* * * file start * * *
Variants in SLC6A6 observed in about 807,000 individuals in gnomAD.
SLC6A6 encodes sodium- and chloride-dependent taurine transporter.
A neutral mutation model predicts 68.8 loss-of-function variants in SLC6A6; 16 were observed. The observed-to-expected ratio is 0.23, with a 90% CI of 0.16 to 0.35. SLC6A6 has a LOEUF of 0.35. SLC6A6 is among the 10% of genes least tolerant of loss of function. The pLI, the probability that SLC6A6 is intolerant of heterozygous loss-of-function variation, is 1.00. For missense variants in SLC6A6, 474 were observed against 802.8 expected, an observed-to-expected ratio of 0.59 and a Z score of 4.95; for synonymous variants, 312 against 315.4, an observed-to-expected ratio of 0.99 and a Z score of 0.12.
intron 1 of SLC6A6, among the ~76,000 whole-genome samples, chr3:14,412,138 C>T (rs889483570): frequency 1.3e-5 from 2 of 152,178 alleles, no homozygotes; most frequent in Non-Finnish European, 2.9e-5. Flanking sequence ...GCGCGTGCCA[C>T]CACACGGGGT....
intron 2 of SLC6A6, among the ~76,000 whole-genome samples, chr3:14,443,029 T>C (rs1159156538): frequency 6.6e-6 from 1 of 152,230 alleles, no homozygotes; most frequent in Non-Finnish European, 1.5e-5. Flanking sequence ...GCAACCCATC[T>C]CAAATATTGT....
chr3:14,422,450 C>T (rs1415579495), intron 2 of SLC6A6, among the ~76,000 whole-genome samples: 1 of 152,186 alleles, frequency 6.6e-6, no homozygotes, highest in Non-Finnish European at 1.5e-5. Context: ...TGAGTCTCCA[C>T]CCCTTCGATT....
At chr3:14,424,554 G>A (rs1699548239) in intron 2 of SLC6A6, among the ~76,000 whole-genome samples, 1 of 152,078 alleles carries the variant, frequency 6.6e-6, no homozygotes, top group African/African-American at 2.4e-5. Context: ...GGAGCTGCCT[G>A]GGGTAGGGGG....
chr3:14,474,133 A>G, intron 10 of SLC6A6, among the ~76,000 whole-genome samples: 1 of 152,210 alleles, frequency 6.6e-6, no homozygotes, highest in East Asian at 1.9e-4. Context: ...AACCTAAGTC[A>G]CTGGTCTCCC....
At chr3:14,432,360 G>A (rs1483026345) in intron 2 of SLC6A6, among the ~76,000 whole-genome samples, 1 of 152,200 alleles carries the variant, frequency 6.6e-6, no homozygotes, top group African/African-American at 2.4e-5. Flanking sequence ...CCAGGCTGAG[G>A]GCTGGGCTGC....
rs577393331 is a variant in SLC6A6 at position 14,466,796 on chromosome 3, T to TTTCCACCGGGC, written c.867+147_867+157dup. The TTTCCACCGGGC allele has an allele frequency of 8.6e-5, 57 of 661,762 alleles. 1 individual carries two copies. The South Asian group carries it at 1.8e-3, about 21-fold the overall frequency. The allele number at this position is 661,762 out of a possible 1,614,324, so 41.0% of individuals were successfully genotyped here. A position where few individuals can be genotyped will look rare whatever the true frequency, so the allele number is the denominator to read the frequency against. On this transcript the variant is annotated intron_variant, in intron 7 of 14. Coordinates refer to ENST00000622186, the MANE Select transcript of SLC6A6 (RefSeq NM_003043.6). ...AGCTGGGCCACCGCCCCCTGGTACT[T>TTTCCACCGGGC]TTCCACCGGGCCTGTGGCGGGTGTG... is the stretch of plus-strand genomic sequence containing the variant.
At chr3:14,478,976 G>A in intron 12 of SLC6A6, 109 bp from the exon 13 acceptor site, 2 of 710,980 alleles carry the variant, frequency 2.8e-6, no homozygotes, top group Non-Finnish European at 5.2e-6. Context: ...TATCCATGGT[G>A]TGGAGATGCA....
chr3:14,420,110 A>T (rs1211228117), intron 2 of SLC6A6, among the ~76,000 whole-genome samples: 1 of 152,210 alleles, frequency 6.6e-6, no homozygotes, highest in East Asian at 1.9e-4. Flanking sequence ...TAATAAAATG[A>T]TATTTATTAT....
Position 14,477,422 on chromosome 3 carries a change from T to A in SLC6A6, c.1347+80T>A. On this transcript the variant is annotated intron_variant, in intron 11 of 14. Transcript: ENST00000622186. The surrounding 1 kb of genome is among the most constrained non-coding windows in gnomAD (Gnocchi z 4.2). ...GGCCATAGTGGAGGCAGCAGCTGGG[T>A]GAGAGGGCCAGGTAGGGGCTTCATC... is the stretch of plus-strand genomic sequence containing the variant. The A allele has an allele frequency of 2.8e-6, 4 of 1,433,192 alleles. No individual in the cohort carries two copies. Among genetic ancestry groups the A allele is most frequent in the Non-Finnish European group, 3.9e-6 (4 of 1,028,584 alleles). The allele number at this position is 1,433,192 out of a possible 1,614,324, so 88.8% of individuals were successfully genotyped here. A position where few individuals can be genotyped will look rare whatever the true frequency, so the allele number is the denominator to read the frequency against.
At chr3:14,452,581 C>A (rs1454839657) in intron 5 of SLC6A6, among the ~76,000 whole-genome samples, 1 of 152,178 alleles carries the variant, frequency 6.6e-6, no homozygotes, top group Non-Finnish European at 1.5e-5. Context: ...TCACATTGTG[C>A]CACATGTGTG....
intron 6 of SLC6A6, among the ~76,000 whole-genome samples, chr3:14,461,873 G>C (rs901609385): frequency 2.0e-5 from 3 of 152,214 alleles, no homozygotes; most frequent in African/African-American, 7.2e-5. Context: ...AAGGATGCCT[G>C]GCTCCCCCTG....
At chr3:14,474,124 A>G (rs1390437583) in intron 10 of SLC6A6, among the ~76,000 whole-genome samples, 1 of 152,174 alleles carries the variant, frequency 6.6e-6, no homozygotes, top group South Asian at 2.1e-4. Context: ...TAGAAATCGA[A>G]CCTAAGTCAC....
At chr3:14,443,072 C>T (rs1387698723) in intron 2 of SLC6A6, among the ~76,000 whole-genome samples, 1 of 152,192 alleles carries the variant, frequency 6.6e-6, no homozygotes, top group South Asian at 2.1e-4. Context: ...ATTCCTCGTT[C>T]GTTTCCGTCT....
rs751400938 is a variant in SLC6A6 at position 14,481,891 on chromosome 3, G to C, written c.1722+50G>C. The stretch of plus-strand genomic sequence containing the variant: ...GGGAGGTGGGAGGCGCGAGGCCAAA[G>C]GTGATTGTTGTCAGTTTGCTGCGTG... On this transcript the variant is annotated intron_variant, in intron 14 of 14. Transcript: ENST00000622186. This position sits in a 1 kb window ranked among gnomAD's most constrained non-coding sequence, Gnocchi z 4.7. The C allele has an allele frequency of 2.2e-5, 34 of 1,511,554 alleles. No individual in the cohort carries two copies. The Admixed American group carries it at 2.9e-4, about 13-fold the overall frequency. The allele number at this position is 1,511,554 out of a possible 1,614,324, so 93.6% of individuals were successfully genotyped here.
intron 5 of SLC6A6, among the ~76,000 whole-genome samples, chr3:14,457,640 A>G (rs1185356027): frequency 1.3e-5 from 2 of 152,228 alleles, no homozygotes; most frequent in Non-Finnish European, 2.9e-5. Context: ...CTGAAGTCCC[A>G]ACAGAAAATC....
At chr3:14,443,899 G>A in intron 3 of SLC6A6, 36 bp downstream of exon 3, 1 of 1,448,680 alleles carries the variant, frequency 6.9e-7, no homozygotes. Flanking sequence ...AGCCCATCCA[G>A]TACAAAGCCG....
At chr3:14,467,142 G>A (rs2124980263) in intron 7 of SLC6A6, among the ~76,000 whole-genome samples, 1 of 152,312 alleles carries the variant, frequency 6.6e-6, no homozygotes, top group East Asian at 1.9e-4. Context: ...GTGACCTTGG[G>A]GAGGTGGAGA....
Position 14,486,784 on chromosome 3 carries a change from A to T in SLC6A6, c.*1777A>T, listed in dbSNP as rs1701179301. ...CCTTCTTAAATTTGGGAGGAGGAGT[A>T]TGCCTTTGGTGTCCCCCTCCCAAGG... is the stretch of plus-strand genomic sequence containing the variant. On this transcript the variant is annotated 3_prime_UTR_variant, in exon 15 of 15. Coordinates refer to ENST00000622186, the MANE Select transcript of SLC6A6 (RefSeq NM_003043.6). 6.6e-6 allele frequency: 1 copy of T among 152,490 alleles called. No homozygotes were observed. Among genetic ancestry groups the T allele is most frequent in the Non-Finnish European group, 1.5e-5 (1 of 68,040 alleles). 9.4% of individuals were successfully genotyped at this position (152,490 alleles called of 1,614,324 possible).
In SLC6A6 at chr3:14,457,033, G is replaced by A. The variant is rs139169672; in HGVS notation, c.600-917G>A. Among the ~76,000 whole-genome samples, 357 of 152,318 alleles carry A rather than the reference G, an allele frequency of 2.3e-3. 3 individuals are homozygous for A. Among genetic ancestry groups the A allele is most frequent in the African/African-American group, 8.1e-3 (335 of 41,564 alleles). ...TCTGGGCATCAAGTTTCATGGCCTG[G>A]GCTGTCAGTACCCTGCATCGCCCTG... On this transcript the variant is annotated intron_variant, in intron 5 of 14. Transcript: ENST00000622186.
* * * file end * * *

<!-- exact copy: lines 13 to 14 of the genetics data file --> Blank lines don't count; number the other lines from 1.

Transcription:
Position 14,477,422 on chromosome 3 carries a change from T to A in SLC6A6, c.1347+80T>A. On this transcript the variant is annotated intron_variant, in intron 11 of 14. Transcript: ENST00000622186. The surrounding 1 kb of genome is among the most constrained non-coding windows in gnomAD (Gnocchi z 4.2). ...GGCCATAGTGGAGGCAGCAGCTGGG[T>A]GAGAGGGCCAGGTAGGGGCTTCATC... is the stretch of plus-strand genomic sequence containing the variant. The A allele has an allele frequency of 2.8e-6, 4 of 1,433,192 alleles. No individual in the cohort carries two copies. Among genetic ancestry groups the A allele is most frequent in the Non-Finnish European group, 3.9e-6 (4 of 1,028,584 alleles). The allele number at this position is 1,433,192 out of a possible 1,614,324, so 88.8% of individuals were successfully genotyped here. A position where few individuals can be genotyped will look rare whatever the true frequency, so the allele number is the denominator to read the frequency against.
At chr3:14,452,581 C>A (rs1454839657) in intron 5 of SLC6A6, among the ~76,000 whole-genome samples, 1 of 152,178 alleles carries the variant, frequency 6.6e-6, no homozygotes, top group Non-Finnish European at 1.5e-5. Context: ...TCACATTGTG[C>A]CACATGTGTG....